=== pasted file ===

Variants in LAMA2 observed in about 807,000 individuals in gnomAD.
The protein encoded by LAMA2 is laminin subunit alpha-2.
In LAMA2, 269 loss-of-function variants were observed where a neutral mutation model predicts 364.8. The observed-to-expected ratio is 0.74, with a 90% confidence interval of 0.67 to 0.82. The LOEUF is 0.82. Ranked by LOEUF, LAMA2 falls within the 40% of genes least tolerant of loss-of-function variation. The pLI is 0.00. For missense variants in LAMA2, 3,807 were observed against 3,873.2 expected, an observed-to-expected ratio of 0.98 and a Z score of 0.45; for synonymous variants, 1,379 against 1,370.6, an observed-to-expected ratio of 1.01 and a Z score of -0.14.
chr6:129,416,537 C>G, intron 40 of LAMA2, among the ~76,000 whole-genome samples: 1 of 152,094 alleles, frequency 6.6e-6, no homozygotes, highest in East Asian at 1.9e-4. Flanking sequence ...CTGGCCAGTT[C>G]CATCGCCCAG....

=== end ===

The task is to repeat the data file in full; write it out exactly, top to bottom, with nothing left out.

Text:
Variants in LAMA2 observed in about 807,000 individuals in gnomAD.
The protein encoded by LAMA2 is laminin subunit alpha-2.
In LAMA2, 269 loss-of-function variants were observed where a neutral mutation model predicts 364.8. The observed-to-expected ratio is 0.74, with a 90% confidence interval of 0.67 to 0.82. The LOEUF is 0.82. Ranked by LOEUF, LAMA2 falls within the 40% of genes least tolerant of loss-of-function variation. The pLI is 0.00. For missense variants in LAMA2, 3,807 were observed against 3,873.2 expected, an observed-to-expected ratio of 0.98 and a Z score of 0.45; for synonymous variants, 1,379 against 1,370.6, an observed-to-expected ratio of 1.01 and a Z score of -0.14.
chr6:129,416,537 C>G, intron 40 of LAMA2, among the ~76,000 whole-genome samples: 1 of 152,094 alleles, frequency 6.6e-6, no homozygotes, highest in East Asian at 1.9e-4. Flanking sequence ...CTGGCCAGTT[C>G]CATCGCCCAG....